• Birth/Death: August 2, 1920 – June 5, 2012 (Aged 91)
  • Career: American fantasy, science fiction, horror, and mystery fiction author
  • Most Famous Works: Farenheit 451 (1953), The Martian Chronicles (1950), The Illustrated Man (1951)
  • Awards & Honors: Academy of Arts and Letters (1954), Daytime Emmy Award (1994), National Medal of Arts (2004), Pulitzer Prize (2007)
In a career spanning more than seventy years, Ray Bradbury, who died on June 5, 2011, at the age of 91, inspired generations of readers to dream, think, and create. A prolific author of hundreds of short stories and close to fifty books, as well as numerous poems, essays, operas, plays, teleplays, and screenplays, Bradbury was one of the most celebrated writers of our time.
Bradbury was inspired by authors H. G. Wells, Jules Verne, and Edgar Allan Poe. Bradbury identified with Verne, saying, “He believes the human being is in a strange situation in a very strange world, and he believes that we can triumph by behaving morally.” Throughout his life, Bradbury recounted an incident that strongly influenced his writing practice, the story of meeting a carnival magician, Mr. Electrico, in 1932. Mr. Electrico reached out to 12-year-old Bradbury at the end of his performance and touched the boy with his sword and commanded “Live forever!” Bradbury said, “I decided that was the greatest idea I had ever heard. I started writing every day. I never stopped.”
His groundbreaking works include Fahrenheit 451, The Martian Chronicles, The Illustrated Man, Dandelion Wine, and Something Wicked This Way Comes. He wrote the screenplay for John Huston’s classic film adaptation of Moby Dick, and was nominated for an Academy Award. He adapted sixty-five of his stories for television’s The Ray Bradbury Theater and won an Emmy for his teleplay of The Halloween Tree.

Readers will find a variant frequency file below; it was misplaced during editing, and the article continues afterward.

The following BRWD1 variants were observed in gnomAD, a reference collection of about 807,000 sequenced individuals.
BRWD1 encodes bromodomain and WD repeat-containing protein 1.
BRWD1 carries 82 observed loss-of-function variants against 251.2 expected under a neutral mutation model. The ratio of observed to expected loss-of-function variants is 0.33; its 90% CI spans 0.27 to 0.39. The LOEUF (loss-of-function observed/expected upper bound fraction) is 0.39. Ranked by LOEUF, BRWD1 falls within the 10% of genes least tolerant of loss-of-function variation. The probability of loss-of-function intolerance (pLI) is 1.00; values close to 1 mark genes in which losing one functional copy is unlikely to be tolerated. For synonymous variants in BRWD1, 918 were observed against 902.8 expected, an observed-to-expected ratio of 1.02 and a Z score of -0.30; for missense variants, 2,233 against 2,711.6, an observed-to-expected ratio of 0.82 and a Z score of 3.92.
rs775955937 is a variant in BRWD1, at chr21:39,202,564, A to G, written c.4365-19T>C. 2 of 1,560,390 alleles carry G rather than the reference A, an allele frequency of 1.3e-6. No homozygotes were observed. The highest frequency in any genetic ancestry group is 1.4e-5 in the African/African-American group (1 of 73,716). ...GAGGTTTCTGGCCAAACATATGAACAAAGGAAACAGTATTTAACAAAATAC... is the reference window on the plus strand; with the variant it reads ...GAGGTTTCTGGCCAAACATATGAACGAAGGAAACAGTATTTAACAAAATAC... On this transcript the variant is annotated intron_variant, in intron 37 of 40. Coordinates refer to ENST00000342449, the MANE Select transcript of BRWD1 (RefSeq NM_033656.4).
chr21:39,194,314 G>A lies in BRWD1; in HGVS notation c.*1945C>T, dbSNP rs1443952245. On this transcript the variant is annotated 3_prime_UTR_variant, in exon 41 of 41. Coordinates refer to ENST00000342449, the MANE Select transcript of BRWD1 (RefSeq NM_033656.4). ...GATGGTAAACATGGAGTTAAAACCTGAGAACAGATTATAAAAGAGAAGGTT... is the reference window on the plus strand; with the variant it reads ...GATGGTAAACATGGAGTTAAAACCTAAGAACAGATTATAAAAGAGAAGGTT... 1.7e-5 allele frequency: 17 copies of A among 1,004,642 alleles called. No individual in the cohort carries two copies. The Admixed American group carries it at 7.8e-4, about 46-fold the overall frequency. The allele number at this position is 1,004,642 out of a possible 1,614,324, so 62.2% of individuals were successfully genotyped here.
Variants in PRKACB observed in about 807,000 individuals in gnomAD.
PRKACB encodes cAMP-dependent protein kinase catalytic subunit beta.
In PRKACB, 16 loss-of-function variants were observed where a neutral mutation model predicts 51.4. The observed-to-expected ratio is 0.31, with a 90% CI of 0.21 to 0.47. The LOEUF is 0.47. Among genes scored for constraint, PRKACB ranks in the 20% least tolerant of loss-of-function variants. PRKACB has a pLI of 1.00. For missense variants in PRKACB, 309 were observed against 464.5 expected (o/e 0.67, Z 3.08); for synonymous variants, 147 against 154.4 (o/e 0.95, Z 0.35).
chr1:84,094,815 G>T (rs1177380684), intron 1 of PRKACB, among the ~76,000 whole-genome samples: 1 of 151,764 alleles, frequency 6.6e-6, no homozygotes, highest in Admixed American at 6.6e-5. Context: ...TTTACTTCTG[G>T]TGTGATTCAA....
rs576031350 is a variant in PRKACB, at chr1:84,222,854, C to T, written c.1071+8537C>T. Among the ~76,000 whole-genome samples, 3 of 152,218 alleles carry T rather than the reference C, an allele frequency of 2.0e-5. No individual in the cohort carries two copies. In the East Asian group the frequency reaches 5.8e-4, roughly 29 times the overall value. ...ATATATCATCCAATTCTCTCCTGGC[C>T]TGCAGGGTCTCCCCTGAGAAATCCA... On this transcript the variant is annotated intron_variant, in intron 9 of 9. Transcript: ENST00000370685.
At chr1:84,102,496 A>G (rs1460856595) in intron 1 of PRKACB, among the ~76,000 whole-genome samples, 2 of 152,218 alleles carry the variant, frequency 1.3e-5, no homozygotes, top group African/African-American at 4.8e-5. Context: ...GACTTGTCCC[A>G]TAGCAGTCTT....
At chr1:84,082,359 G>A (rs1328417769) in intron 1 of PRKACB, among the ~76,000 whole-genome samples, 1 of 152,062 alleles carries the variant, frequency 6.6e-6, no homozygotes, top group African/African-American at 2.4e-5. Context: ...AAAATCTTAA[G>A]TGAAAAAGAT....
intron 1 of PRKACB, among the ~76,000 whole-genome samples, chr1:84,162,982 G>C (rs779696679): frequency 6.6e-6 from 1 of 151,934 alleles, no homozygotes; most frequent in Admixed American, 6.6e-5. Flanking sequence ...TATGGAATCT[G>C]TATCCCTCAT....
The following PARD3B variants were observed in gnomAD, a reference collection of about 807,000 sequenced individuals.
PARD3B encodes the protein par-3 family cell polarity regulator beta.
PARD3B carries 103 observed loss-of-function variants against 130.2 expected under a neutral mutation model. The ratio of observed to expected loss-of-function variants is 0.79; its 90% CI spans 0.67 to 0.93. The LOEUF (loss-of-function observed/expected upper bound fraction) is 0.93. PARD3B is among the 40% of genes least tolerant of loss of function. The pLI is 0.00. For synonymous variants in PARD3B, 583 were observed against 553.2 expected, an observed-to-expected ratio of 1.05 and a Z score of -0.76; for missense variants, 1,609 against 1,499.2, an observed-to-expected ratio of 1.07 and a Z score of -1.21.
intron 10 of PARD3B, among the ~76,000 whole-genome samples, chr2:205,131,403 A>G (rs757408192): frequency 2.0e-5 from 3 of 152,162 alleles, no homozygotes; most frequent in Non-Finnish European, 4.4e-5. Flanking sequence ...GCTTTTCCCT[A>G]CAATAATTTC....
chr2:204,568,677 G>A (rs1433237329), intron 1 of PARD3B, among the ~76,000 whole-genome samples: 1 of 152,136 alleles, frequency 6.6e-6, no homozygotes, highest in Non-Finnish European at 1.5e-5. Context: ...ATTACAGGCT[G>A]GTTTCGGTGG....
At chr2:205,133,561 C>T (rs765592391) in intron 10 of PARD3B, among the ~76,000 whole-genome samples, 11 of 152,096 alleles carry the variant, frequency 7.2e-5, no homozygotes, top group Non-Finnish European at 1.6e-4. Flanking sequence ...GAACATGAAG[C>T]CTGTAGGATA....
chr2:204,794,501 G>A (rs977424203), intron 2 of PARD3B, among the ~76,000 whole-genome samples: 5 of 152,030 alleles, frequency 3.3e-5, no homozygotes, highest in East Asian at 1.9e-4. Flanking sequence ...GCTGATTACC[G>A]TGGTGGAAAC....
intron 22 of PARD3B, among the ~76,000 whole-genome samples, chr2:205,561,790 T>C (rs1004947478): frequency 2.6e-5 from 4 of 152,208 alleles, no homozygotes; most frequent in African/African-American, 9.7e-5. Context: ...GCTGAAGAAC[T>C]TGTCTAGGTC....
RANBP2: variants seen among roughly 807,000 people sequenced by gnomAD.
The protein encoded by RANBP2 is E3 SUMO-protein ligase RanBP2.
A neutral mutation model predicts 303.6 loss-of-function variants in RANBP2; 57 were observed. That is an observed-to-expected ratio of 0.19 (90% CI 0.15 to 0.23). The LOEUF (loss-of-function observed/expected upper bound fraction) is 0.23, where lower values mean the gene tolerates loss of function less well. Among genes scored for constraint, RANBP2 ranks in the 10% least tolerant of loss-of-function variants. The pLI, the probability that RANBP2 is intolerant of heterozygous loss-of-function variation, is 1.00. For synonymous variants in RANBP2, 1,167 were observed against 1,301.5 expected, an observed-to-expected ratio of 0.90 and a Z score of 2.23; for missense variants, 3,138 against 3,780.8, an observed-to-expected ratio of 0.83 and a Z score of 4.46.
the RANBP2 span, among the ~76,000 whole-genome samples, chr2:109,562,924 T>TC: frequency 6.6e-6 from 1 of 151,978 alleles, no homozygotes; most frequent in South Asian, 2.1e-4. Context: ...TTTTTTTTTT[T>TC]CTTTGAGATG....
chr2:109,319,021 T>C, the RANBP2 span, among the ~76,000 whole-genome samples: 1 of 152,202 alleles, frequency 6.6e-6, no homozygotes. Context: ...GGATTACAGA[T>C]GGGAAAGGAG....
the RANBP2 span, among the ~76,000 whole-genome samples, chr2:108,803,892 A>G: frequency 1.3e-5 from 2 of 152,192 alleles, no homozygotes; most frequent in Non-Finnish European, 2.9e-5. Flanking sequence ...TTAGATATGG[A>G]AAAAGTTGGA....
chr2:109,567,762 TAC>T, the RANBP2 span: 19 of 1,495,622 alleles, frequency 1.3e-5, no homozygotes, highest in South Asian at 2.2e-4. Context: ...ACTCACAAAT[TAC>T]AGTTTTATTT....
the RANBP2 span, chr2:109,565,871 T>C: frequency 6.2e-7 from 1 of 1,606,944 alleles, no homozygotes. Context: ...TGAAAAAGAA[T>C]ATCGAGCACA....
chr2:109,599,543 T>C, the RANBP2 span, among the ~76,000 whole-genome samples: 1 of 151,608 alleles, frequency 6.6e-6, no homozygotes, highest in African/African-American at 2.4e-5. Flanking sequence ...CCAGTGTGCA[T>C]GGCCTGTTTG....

He was the recipient of the 200 National Book Foundation Medal for Distinguished Contribution to American Letters, the 2004 National Medal of Arts, and the 2007 Pulitzer Prize Special Citation, among many honors.


  • “In most cases I don’t even know the metaphors lay waiting to be printed off my retina.”
  • “We theorize about what goes on in the brain, but it is mostly undiscovered country. A writer’s work is to coax the stuff out and see how it plays. Surprise, as I have often said, is everything.”
  • “The seance. which is to say the typewriter, computer, pen, pencil, and paper are there to catch the ghosts before they thin out in midair.”
  • “[T]he creative process is much like the old-fashioned way of taking photos with a huge camera and yu horsing around under a black cloth seeking pictures in the dark. The subjects might not have stood still. There might have been too much light. Or not enough. One can only fumble quickly, hoping for a developed snap.”
  • “My tunes and numbers are here. They have filled my years, the years when I refused to die. And in order to do that I wrote, I wrote, I wrote, at noon or 3:00 A.M. So as not to be dead.”
  • “If you don’t like what you’re doing, then don’t do it.”
  • “It’s lack that gives us inspiration. It’s not fullness.”
  • “Love. Fall in love and stay in love. Write only what you love, and love what you write. The key word is love. You have to get up in the morning and write something you love, something to live for.”
  • “You only fail if you stop writing.”
  • “You must stay drunk on writing so reality cannot destroy you.”
  • 2_the-illustrated-man 41Cx8mY2UNL._SY344_BO1,204,203,200_ rb_themarti


Bradbury Signature

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